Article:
Discrimination on the basis of pregnancy, childbirth, or related medical conditions constitutes unlawful sex discrimination under Title VII of the Civil Rights Act of 1964. Employers cannot treat someone who is pregnant or has a pregnancy related conditions any differently than other employees or applicants with similar work abilities.
The Pregnancy Discrimination Act of 1978, which amended the Civil Rights Act, applies to employers with 15 or more employees, including state and local governments.
The following protections apply under The Pregnancy Discrimination Act:
- Hiring and Working Conditions: As an employer, you cannot refuse to hire a woman due to a pregnancy or a related condition, as long as she is able to fulfill the requirements of the position. It is also unlawful to discriminate based on pregnancy when it comes to other aspects of employment, including pay, job assignments, promotions, layoffs, training, fringe benefits, firing and any other term or condition of employment.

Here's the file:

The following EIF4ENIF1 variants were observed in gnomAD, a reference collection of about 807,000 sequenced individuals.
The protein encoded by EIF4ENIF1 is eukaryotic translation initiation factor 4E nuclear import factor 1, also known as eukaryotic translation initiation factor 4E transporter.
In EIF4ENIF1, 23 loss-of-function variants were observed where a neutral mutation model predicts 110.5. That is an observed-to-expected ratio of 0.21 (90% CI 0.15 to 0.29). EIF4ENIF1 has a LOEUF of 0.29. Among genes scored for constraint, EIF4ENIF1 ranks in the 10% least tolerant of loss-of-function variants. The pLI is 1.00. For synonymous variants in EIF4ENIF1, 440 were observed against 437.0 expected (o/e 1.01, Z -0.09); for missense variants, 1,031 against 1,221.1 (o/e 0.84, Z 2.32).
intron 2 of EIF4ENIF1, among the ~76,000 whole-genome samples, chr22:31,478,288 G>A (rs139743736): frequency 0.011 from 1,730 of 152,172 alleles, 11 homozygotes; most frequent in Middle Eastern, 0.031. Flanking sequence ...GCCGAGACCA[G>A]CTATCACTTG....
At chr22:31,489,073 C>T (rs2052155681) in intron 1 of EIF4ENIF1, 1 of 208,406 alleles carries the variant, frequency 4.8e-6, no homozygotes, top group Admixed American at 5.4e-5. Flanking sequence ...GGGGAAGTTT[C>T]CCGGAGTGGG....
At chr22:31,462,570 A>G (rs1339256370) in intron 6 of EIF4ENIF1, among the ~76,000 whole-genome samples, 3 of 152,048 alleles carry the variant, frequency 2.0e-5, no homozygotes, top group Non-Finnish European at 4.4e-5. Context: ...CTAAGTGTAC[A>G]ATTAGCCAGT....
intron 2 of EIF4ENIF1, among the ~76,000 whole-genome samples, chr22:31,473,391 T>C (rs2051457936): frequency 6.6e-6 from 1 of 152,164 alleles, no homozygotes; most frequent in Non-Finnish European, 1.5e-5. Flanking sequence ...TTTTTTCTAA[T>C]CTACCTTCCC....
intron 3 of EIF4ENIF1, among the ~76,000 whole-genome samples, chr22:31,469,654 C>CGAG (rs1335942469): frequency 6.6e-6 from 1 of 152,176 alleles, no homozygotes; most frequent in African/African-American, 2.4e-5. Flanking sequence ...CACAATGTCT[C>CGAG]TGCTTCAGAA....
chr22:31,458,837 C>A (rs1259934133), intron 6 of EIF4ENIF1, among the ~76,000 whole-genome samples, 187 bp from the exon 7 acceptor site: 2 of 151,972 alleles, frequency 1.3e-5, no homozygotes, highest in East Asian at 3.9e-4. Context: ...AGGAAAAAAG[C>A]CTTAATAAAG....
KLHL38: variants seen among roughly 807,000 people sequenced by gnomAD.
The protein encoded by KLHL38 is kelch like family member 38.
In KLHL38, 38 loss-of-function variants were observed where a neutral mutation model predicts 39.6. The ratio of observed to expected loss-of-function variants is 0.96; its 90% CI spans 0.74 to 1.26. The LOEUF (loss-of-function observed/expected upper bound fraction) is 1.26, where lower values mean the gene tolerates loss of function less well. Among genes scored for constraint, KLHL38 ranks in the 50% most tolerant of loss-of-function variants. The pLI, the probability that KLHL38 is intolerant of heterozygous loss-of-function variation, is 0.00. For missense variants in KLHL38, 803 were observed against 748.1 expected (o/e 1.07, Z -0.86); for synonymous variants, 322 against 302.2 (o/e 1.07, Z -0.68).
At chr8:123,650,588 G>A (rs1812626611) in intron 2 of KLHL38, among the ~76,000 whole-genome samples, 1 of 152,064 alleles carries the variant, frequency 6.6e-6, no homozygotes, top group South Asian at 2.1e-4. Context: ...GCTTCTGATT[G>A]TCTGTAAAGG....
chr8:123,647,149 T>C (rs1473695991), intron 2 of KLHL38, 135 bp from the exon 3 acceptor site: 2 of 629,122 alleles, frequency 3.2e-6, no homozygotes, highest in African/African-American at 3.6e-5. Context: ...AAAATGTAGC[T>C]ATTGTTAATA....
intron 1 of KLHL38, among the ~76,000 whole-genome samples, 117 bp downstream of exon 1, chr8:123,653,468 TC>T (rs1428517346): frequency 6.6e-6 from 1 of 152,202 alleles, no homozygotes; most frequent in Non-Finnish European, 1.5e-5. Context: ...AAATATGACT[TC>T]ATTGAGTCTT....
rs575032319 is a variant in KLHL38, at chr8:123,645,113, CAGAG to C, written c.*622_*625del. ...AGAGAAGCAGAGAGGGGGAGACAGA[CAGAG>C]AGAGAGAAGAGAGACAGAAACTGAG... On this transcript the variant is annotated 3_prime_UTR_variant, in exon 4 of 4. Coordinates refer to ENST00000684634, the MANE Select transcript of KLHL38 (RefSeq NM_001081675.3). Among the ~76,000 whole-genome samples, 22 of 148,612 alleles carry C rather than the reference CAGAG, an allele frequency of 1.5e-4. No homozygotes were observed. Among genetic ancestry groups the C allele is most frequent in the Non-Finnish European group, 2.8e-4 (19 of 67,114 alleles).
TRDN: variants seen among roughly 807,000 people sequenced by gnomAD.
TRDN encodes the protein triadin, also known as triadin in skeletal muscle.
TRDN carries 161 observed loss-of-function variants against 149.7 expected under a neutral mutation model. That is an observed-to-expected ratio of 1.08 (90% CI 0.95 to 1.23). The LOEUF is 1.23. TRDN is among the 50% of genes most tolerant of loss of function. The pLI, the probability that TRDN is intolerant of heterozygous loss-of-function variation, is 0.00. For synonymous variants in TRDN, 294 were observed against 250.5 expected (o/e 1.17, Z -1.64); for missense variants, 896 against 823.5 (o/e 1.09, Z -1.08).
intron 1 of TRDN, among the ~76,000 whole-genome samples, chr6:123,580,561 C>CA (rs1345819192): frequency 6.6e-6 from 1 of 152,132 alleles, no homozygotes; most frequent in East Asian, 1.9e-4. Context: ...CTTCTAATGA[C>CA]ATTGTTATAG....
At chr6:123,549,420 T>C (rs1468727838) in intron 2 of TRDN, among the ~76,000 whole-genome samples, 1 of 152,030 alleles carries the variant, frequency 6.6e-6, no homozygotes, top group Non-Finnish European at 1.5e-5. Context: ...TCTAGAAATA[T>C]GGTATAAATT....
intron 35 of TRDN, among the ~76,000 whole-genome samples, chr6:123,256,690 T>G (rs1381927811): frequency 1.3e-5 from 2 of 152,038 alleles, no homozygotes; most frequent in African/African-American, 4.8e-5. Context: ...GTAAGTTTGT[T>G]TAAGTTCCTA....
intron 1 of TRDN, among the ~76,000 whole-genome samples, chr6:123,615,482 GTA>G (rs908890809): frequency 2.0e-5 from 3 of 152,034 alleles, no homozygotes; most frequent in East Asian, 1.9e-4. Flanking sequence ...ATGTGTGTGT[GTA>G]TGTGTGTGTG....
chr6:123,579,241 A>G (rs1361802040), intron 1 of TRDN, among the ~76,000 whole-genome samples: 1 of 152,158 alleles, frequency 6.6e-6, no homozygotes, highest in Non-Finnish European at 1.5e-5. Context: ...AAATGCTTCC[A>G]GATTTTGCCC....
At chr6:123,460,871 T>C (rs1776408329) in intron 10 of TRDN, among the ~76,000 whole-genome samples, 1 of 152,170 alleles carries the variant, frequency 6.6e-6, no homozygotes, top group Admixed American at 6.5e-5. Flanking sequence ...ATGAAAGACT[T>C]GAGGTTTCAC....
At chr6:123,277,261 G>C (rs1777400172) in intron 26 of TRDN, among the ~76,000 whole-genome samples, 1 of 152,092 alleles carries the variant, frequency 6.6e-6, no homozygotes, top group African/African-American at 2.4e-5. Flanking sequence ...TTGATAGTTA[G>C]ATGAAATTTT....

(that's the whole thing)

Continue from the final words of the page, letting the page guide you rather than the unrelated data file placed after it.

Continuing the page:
- Temporary Disability and Maternity Leave: If a pregnant employee becomes temporarily disabled due to the pregnancy, they must be treated the same as any other temporarily disabled employee. If you as an employer allow temporarily disabled employees to modify tasks or perform alternative assignments, then you must also allow an employee who is temporarily disabled, due to pregnancy, to do the same. The same is true when it comes to disability leave. Employers are required to hold open a job for a pregnancy related absence the same length of time that jobs are held open for employees on sick leave.
- Health Insurance: Any health insurance provided to employees must cover expenses for pregnancy related conditions on the same basis as costs for other medical conditions. In addition, pregnancy-related expenses must be reimbursed in the same method as those incurred for other medical conditions.
- Fringe Benefits: Accrual and crediting of seniority, vacation calculation and pay increases during a leave must be handled in the same manner for a pregnant employee on leave as it would be for any other temporarily disabled employee.
It’s important to treat a pregnant employee in the same manner that you would treat any employee in all aspects of employment. If you have questions or concerns regarding a pregnant employee at your workplace, please contact BCN Services at 1-800-891-9911 or visit us here.
Amanda Cline, Partnership Manager